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March 12, 2006


I really don't get MusicIP or Predixis. I am a musician and music fanatic with over 17,000 digital music tracks saved and accessible on multiple devices (iPod, computer, Treo, etc.). Like many people I know, I generally listen to my music in Shuffle mode, unless I am in the mood to listen to an entire album or focus on a particular genre or artist. Clearly, Steve Jobs caught on to the fact that "shuffle" has emerged as the prevalent mode of listening to digital music.

So, with this as background, I really don't get the whole MusicIP value proposition. I also have have tried the Predixis Discovery Engine and have found it to be a total waste of time. It has never returned any meaningful results and frankly, I think it's pretty lame.

There are several music matching, personalization engines and social networking products that I totally love and have changed the way I listen to and relate to music. Prime among these is On Fred Wilson's recommendation, I tried six months ago and it's a great product. Of course, there's also Pandora.

Rick, clearly I'm missing something with MusicIP. Why should I care or use this product and how will it complement Help me out here.

Hi David,

Glad to try and help with some answers. Let's start with the basic listener.

Let's say on your music device or desktop you have 2000 songs. You just got a parking ticket and are now pretty pissed. You want to play some music to calm down. With a MusicIP ready device or software, you press/hold the play button and our technology puts the player into scan/mix mode. The player will now go 30 seconds into a track, play 5 seconds, then go to a different type of music on your player, 30 seconds in and play 5 seconds. It will keep doing this until you press the play button again. Once you do, our technology automatically re-orders the all the songs (200 or 20,000) in the order you will most likely enjoy them based on selecting the song that suited what you were in the mood to listen to. We eliminate the skip button. Just pick a seed song and let us do the rest.

The MusicIP mixer product is designed to help you get more out of your existing collection. If you start up the current application and you press the little green button, it will go through your 17,000 tracks, in groups, 30 seconds into the track, then plays 5 second of the track. It will keep going through you collection until you hear a song you are in the mood for and press the the green button. Once you do that, the application automatically re-orders your songs based on the order you're most likely to want to listen to them.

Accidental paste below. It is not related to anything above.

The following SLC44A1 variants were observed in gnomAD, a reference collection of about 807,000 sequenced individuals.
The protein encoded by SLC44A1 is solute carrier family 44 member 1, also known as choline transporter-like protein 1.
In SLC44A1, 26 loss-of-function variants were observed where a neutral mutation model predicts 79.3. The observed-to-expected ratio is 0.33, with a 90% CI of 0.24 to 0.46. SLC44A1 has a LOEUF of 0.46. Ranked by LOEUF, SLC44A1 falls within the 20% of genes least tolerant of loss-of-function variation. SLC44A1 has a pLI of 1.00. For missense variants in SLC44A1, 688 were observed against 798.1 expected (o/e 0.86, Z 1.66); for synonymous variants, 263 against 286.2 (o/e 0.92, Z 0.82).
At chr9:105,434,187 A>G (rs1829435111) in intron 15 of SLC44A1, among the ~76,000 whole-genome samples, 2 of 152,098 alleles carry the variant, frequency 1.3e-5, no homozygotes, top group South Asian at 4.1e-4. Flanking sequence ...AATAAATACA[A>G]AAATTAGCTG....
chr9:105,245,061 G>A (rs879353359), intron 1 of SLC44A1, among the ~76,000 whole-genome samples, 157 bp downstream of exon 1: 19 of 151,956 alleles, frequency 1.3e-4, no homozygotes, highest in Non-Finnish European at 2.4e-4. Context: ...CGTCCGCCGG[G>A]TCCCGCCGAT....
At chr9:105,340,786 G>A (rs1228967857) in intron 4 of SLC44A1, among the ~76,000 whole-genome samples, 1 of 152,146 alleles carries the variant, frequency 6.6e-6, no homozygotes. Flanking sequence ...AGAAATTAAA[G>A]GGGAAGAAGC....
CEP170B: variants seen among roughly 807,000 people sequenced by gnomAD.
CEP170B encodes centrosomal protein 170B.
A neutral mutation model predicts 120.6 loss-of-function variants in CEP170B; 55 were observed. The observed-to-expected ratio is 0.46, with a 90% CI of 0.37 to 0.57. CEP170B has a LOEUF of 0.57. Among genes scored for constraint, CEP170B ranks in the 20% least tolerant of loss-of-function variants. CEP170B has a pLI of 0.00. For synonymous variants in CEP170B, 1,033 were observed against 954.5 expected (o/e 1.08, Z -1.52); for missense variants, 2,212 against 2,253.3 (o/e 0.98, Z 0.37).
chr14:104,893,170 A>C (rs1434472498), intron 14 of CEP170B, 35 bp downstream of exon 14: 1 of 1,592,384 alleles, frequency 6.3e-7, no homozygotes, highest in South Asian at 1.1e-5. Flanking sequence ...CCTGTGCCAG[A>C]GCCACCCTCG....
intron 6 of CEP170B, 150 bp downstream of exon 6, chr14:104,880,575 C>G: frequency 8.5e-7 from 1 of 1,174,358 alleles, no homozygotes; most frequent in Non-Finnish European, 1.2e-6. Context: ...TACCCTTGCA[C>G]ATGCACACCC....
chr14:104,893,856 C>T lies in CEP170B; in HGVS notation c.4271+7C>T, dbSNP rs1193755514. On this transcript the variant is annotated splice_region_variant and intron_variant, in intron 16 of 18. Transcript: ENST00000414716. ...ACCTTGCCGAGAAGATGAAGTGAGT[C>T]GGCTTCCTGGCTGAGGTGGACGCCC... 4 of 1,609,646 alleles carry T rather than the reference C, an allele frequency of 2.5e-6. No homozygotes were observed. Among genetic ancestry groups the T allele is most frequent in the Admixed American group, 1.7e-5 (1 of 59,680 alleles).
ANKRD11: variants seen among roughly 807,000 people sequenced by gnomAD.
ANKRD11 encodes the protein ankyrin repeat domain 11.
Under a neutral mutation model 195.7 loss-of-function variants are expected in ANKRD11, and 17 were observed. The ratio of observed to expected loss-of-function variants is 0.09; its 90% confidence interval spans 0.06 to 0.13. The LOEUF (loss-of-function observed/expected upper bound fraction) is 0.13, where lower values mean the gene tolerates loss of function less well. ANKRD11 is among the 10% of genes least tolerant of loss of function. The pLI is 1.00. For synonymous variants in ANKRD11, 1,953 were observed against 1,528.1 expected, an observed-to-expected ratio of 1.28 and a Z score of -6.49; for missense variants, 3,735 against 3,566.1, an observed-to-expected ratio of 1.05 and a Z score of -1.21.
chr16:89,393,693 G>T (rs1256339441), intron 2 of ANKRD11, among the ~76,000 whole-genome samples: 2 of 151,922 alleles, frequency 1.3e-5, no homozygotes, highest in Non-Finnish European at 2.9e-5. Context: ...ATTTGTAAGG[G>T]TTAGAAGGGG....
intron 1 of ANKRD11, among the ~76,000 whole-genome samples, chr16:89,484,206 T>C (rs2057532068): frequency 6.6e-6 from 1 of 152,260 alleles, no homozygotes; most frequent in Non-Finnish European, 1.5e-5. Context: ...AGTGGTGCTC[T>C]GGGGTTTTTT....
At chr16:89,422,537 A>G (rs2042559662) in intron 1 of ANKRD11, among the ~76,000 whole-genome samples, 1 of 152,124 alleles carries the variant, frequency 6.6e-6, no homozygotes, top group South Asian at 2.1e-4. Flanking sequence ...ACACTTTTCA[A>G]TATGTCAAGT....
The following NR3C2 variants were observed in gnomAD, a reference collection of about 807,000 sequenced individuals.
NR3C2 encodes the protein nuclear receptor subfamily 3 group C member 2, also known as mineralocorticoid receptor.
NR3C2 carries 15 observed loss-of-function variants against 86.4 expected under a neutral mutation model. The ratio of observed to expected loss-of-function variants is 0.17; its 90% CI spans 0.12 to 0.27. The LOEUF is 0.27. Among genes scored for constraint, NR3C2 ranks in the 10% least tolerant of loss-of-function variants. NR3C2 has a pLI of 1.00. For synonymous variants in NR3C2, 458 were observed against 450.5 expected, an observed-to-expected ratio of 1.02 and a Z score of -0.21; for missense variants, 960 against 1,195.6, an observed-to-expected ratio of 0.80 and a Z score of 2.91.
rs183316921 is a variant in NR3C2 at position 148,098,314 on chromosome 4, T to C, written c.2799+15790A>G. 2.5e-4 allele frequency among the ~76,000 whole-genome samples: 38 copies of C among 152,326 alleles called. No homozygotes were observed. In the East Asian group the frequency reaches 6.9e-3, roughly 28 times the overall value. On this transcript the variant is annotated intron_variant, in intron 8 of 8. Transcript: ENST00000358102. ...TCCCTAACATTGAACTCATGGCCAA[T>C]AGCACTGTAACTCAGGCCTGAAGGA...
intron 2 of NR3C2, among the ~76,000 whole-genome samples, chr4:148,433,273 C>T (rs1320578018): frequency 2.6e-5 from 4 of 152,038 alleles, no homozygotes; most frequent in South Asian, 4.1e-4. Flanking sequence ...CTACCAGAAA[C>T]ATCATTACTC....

So the, shuffle/random idea is taken to the next level, i.e. personal random/shuffle.

2.3 million users have the application either via directly or as an add on to WinAmp. So, for your shuffle mode, we should have an option that works for you. In addition, the ability to make various types of playlists, save various moods, etc, all seem, based of user feedback, to allow the listener a great way to maximize the enjoyment of the collection.

On the discovery windows. Today, that is in test mode. It gives you varying songs based on what you are listening to, and, for the most part, people have given the company positive feedback. it is limited to CDBaby and Amazon. We are expanding the collections over time.

The next release does a couple of more interesting things. First, it seeds free music into the mixes that you are playing. So, while listening to songs, tracks from other artists will pop up that match what you are currently listening to. That feature was designed by a bunch of musicians. The idea was this.

Musicians want better ways to get in front of fans, new and old. If I'm in the mood for a particular song and I've told the mixer what I'm in the mood for, based on picking a seed, the application can feed tracks to potential fans when they are most likely to want to hear them.

For the artist, the process is simple, I play like Kenny G so get me in front of fans that like Kenny G. MusicIP levels the playing field for musicians. An artist registers with us, tells us where his track(s) are, samples or not, etc. Once we add him into the system, his tracks are now available to the millions of people that use our software to listen to and discover music. When a MusicIP customer is playing a mix, he will see the new artist's tracks in our discovery window at the exact moment the song is most likely to be well received by the music listener. It gives the artist unprecendented exposure, and levels the playing field so they can get more fans, sell more music and be more successful.

The idea is to give the artist another way to get in front of the fans in addition to giving the artist some feedback on where the track is showing up as in number of times we've seen it, when it is looked at based upon what other track was being listened to, etc. All of this is done automatically and without humans.

For the artist: get more fans to hear the songs, ensure the metadata is correct and give the artist some feedback on how the track is fitting into people's music/listening.

For the industry, its a matter of longest tail. Recommendation engines that do those that bought this, bought that or gene based, don't give recommendations based on what the person is in the mood for at that moment. When you are listening to a song and you ask for more 'like that', we believe that the recommendations should be based on the track that caused you to ask for more in the first place.

MusicIP also has a number of embedded customers. The iPod shuffle is a great product. Press the play button and you get random. Sometimes, tho, you hit the skip/next button. With a MusicIP device, you press and hold the play button, the device will scan your collection by playing a few seconds of the track. When you hear what you are in the mood for, you press it again and the device automatically re-orders the tracks for your mood, based upon the song you just selected. As I mentioned, you can try that feature out with the desktop application.


I appreciate your response. I must say, though, that it hasn't clicked in yet for me.